By Paula Courtney
CEO, The Verde Group.
Consumers and what they expect from your brand are changing but that’s not really news. Customers are always changing – their needs and expectations are always in flux, always evolving. But over the last decade, and certainly within the last 18 months, technology and the pandemic have shifted what matters most to them like never before.
A recent Accenture survey1 of 25,000 consumers across 22 countries uncovered that a startling 50% of respondents, named “the Reimagined”, indicated the pandemic has made them revise their personal purpose and what’s important in their life. And 72% of this group expect companies they do business with to understand and address how their needs and objectives have changed.
At a high level, Accenture’s research is consistent with the Verde Group’s. But while the pandemic may have accelerated CX expectations from these Reimagined consumers, the fact is, in large part thanks to technology, their mindset and expectations have been evolving in this direction for some time.
The need for speed
One of the biggest clues to this emerging trend is a function of how digital and social media are redefining and setting a new standard around our expectation for speed. We now live in a world of instant: instant ordering, instant delivery, instant gratification. And our compressed notion of time has set the bar exceptionally high for what consumers expect from the brands they buy from.
Just think back a couple of years to our pre-COVID and pre-digital world, when you more often physically traveled to a mall, physically walked from store to store, physically tried on clothes or shoes or moseyed around home stores to touch and feel furniture or kitchen wares, not to mention physically interacted with salespeople and waited in line to pay. While some of that experience is returning, much of it has been replaced with push ads on Facebook or Instagram that send you to your brand’s e-commerce site or to Amazon’s one-click shopping and delivery to your front door the next day or better yet, a few hours later.
The savvy consumer
Another big change, that’s also tied to technology, is the increasing savviness of consumers. There was a time when customers expected and relied on store salespeople to inform them. No more. Now there’s increased pressure on retailers to hire staff who are more competent about the products they’re selling than customers who can find much of the information they want with a click or two on Google. In short, the internet’s easy access to information has made consumers virtually self-sufficient.
Are we there yet?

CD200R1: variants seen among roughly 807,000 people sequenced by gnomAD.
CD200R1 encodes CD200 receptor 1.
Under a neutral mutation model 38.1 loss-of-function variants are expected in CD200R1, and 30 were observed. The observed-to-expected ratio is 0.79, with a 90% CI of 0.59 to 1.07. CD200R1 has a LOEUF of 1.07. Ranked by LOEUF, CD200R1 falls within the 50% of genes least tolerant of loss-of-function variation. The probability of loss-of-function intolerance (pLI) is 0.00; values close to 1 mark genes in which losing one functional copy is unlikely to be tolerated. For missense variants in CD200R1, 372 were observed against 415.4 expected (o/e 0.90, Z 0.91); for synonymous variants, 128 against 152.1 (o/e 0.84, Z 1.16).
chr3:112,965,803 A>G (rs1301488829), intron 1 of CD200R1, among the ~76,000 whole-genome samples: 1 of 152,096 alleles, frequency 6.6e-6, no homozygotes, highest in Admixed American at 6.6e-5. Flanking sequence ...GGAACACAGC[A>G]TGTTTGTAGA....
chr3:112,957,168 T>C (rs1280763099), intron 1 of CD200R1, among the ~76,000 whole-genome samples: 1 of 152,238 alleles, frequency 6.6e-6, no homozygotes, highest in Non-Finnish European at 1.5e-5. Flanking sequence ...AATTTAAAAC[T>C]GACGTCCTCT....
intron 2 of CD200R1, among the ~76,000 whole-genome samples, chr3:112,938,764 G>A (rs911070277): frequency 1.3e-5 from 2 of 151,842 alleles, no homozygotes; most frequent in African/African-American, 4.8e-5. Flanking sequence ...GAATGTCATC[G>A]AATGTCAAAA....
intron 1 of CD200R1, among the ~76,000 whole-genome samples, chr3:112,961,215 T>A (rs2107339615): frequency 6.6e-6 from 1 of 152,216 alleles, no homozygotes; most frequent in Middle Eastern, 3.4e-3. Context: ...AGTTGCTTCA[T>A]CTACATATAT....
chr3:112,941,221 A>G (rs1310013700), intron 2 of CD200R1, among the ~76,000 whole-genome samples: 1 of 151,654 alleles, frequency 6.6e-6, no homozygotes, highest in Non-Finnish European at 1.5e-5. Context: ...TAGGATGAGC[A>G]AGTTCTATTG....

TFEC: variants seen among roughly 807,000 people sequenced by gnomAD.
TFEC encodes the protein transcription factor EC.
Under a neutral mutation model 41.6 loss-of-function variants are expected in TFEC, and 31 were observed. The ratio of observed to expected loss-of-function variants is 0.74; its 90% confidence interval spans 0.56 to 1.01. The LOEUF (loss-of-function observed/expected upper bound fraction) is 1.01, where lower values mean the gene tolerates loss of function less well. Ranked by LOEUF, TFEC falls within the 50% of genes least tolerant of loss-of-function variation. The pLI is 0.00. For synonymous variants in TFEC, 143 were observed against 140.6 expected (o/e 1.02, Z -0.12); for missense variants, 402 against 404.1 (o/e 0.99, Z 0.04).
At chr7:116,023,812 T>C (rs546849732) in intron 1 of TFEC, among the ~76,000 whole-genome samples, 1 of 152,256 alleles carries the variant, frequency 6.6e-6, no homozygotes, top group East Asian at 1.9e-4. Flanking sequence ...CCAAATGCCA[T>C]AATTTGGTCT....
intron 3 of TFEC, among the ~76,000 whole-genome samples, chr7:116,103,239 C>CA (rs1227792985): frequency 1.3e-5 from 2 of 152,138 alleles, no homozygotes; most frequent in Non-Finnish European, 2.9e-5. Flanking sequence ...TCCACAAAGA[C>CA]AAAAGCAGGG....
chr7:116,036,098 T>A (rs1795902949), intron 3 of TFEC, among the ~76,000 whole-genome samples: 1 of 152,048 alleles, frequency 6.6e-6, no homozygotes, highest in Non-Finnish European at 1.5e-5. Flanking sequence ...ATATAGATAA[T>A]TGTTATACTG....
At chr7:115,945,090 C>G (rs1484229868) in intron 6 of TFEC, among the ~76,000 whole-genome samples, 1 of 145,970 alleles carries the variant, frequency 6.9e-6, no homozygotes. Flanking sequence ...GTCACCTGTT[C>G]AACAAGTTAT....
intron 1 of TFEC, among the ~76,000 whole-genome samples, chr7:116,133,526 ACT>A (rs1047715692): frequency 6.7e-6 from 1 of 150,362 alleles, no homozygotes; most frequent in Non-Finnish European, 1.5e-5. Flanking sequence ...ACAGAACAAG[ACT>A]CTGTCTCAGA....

The operative word here however is “virtually” because the reality is the fast and frictionless sales experience isn’t perfect yet and heightened CX expectations still often bash into real life limitations. Here’s a perfect example. A few weeks ago, I ordered two pairs of shoes online, one a fancy pair from a brand made famous by Sex And The City and another from the brand that still inspires us to just do it. I already have shoes from the fancy brand and know my size so I ordered them online and received them five days later. But the order was a complete miss. The shoes were about two sizes too small (something the company should have warned me about before I clicked ‘purchase’) and the exchange process was onerous – printing return labels, scheduling and waiting for a courier – so much so that the entire experience has made me rethink buying online from this brand ever again.
I’m not alone in my frustration. While most retailers solve customer issues, only 58-70% of customers report being completely satisfied with the resolution to their issue. That’s worth paying attention to: according to our research effective problem resolution is even more important than a frictionless experience in terms of driving customer loyalty. (Verde/Baker/Wharton Retail Study, 2020)
Another area for improvement is in the customer self-help I mentioned earlier. While the information consumers want is certainly out there, we’re often subjected to an overwhelming amount of it – for instance a sea of conflicting online reviews that often make decisions on what to buy overwhelming. What’s more, in its urgent rush to encourage purchasing self-sufficiency, often to decrease labor costs, too many retail call centers still keep to traditional business hours – that’s far from ideal for those of us who prefer shopping after the kids are in bed. Where’s the support then? Worse, we’re often subjected to automated chat bots that don’t provide the answers or specificity needed to close the sale with confidence. This is a bigger deal than it may seem: hassle-free customer support can increase purchase intent by up to 40% for consumers across all retail categories. (Verde/Baker/Wharton Retail Study, 2020)
Which is all to say that brands still have a lot to figure out – speed is one thing (and often a double-edged sword that can heighten unrealistic expectations) but properly informing consumers and helping them avoid making mistakes pre-purchase can lead to disappointment as well as missed opportunities like cross-selling or upselling before they click ‘purchase’.
Finally, and especially post-COVID, for all the convenience digital and so-called social channels can provide, brands may be missing real-world opportunities to satisfy consumers’ expectations around product and service performance and the fundamentals of their value proposition.
In an increasingly digital world with less human contact, and where many consumers have lost faith in brands, in institutions and even in science, a key challenge ahead will be in building and rebuilding trust and satisfying the need for real human contact.
1 Accenture Global Consumer Pulse Research 2021